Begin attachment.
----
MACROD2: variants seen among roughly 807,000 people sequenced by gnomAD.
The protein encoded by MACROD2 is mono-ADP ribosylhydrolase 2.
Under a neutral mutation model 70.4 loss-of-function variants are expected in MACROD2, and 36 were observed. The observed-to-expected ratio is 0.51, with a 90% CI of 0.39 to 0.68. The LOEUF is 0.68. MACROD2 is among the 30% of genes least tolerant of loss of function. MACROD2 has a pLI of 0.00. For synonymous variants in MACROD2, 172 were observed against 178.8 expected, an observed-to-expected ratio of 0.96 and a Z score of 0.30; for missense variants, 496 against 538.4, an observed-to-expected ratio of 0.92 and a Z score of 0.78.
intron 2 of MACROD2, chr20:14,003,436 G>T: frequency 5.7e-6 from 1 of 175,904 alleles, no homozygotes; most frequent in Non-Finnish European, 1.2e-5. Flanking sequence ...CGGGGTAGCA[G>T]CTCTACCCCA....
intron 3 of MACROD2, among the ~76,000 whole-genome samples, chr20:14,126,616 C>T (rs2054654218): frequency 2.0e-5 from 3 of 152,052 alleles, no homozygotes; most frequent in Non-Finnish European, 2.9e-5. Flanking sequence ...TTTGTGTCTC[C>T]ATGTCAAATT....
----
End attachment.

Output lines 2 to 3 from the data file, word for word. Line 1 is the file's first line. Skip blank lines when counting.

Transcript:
The protein encoded by MACROD2 is mono-ADP ribosylhydrolase 2.
Under a neutral mutation model 70.4 loss-of-function variants are expected in MACROD2, and 36 were observed. The observed-to-expected ratio is 0.51, with a 90% CI of 0.39 to 0.68. The LOEUF is 0.68. MACROD2 is among the 30% of genes least tolerant of loss of function. MACROD2 has a pLI of 0.00. For synonymous variants in MACROD2, 172 were observed against 178.8 expected, an observed-to-expected ratio of 0.96 and a Z score of 0.30; for missense variants, 496 against 538.4, an observed-to-expected ratio of 0.92 and a Z score of 0.78.